Government group raises alarm as state moves to all-mail voting
Common Cause Hawaii is urging election officials to open more than a handful of voter service centers next year to make sure voting numbers aren’t depressed as the state for the first time begins holding all-mail-in elections.
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Common Cause Hawaii is urging election officials to open more than a handful of voter service centers next year to make sure voting numbers aren’t depressed
as the state for the first time begins holding all-mail-in elections.
In past years, officials have staffed about 230 polling locations across the islands on Election Day. Those will be gone next year as Hawaii
residents cast their votes
in a number of key races — including open seats in the County Councils and Legislature, and for president.
Instead, election officials will mail out ballots to all
registered voters. Voters can still cast their ballots in person, but they will be limited to eight planned voter service centers throughout the
Service centers are expected to be opened in Hilo and Kona, in Lihue, in Honolulu and Kapolei, and in Wailuku. Maui County
officials also plan to open a voting service center on Molokai, as well as Lanai if they can find a suitable location and enough staff.
The centers are expected to be open beginning 10 days prior to the primary and general elections and to close at 7 p.m. Election Day. Those
locations will allow residents to register the same day they want to vote, sort out any problems they might have with their mail-in ballot or cast their ballot in person.
But Sandy Ma, executive director of Common Cause Hawaii, which advocates on behalf of government ethics and accountability, said there need to be more voter service centers next year in case there are unexpected problems and to help residents get used to the new system.
“For the first, we should air on the side of caution. I mean, voting is the foundation of American democracy, and I think we all know that American democracy is under attack,” said Ma. “Why are we just opening up eight statewide for the very first time we are doing this? To save money?”
Research shows that voting by mail helps increase voter turnout somewhat, which is why Common Cause Hawaii was supportive of Act 136, which was signed into law by Gov. David Ige last year and created universal all-mail voting. However,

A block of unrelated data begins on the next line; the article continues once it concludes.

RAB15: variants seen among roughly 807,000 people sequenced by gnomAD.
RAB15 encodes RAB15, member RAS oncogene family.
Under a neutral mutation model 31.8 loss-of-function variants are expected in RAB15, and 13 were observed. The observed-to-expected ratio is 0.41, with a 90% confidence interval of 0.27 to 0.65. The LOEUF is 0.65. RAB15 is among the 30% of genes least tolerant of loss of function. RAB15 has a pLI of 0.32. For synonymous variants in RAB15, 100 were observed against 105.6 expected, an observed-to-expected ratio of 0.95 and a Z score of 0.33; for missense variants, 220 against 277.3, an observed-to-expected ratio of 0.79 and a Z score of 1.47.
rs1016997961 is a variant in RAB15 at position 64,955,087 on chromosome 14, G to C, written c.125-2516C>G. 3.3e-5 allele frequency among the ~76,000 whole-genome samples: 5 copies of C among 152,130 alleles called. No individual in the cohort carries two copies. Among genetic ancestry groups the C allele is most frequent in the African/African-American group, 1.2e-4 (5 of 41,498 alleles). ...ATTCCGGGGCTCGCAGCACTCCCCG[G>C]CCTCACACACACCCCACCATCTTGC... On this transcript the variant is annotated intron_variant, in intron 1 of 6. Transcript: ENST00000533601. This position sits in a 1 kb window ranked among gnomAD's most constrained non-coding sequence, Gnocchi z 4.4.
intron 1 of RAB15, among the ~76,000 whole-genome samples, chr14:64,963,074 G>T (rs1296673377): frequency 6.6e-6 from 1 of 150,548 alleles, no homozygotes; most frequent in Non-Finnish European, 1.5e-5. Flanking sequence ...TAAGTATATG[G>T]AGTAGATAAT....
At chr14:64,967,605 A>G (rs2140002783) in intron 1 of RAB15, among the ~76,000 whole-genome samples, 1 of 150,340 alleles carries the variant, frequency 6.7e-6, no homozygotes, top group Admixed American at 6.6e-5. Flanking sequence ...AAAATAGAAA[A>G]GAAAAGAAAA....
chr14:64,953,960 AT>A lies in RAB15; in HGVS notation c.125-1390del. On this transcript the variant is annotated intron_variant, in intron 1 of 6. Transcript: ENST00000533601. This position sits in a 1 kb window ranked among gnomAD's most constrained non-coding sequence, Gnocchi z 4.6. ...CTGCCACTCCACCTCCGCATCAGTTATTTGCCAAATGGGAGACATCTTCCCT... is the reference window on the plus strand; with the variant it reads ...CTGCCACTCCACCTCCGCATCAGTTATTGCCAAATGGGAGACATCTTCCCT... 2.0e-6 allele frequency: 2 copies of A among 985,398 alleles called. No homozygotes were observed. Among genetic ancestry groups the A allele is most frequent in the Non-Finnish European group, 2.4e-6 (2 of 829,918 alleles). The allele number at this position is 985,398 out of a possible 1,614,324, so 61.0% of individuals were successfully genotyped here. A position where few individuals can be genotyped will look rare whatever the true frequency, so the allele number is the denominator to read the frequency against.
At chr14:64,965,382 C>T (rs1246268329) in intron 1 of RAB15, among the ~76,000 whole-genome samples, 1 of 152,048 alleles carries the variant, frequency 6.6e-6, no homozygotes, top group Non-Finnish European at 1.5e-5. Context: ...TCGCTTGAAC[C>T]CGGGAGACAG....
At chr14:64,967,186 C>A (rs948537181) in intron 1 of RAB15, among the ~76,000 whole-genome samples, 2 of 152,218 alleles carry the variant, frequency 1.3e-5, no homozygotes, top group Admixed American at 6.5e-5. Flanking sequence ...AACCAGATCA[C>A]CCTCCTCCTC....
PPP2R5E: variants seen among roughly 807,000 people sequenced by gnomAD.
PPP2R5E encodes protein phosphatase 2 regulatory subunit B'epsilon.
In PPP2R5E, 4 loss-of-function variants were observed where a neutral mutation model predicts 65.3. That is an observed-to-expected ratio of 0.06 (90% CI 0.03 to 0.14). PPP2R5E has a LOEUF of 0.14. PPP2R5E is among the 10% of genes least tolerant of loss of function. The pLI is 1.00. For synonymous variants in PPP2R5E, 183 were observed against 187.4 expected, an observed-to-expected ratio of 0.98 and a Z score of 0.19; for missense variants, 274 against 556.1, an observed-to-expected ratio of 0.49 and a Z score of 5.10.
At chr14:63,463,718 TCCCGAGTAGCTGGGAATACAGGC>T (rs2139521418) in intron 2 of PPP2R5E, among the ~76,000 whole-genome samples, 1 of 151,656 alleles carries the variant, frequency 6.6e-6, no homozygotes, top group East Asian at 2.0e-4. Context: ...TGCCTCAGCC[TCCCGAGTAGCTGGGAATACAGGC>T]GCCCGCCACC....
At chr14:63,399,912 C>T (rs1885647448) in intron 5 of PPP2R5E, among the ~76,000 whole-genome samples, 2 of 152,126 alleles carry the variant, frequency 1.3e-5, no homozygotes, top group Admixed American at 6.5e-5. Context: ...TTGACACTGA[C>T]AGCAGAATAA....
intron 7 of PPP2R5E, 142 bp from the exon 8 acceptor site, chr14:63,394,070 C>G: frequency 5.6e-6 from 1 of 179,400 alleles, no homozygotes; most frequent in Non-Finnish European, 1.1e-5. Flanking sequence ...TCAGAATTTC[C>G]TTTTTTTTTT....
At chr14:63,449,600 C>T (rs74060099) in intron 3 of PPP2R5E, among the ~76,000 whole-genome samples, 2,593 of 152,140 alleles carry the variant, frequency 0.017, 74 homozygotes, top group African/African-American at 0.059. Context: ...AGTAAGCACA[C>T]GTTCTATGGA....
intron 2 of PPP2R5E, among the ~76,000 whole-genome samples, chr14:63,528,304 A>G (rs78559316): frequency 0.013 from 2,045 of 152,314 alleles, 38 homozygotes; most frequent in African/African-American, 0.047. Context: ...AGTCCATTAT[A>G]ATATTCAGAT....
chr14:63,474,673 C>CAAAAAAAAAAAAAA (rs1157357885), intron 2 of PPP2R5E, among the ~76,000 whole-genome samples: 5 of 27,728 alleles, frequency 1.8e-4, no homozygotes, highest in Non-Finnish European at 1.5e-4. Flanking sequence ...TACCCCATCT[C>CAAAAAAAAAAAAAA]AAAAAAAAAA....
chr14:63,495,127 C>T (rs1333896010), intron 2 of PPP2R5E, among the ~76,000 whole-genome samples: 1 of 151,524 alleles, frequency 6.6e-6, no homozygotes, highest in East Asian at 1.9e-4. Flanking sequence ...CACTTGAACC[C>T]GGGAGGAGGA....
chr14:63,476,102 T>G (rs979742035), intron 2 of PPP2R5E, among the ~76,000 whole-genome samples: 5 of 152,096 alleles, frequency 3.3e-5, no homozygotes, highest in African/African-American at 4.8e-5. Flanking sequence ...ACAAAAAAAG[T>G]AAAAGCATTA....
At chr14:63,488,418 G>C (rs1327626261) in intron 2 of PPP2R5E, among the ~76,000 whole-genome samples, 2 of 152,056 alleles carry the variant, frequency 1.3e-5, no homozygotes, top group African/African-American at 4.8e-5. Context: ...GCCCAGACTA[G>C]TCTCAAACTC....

Ma said she worried that
Hawaii’s already dismal voting numbers could be even lower next year if state and county election officials don’t do a good job of implementing the new voting system.
“We already have low voting numbers. Do we really want to risk making this worse?” she said.
Ma said there could be various scenarios in which people could find themselves needing a voter service center at the last minute.
“So let’s say someone is like, ‘I misplaced my ballot, and I need to go to a service center.’ … Are you really going to drive through crazy Honolulu traffic to go to
Honolulu Hale or Kapolei Hale?” she said.
Ma said this could pose a particular hardship for people in rural areas, such as Hana, Maui.
All ballots also must be received by 7 p.m. on Election Day in order to count — so ballots should be cast several days beforehand to make sure they make that deadline. Voters waiting
until the last minute could find themselves scrambling to get to a voter service center or drop-off location to make sure their ballot is counted.
“We wholeheartedly support vote-by-mail, but we want to make sure the implementation is done correctly,” said Ma, noting that voters needed to be educated about it.
Except for the county clerk on Kauai, state and county election officials didn’t address the criticism or say whether they would consider opening more voter service centers.
Kauai County Clerk Jade Fountain-Tanigawa said she was comfortable with having just one voter service center on Kauai, given that ballots will be mailed to each household with prepaid postage.
“So all they really need to do is stick it in the mailbox,” she said.
She said Kauai also plans to have five drop-off places for ballots throughout the
Niihau has always done mail-in voting, said Fountain-Tanigawa, so the county is not planning any special arrangements for that island.
Nedielyn Bueno, a spokeswoman for the state Office of Elections, said her office is confident in the preparations underway by county election officials who are in charge of setting up the voter service centers and ballot drop-off locations.
“Accessibility and convenience is the goal for all election officials and we are confident that the county elections divisions have taken great consideration in decisions regarding voter service centers, and how best to serve Hawaii’s voters,” she said by email.
In May, election officials will issue a proclamation
officially identifying the
locations and hours of the voter service centers and drop-off locations, she said.
Hawaii is one of four states that have approved statewide vote-by-mail systems, according to the National Conference of State Legislatures. All-mail voting is significantly cheaper than traditional voting and easier for election officials tasked with tabulating all the votes.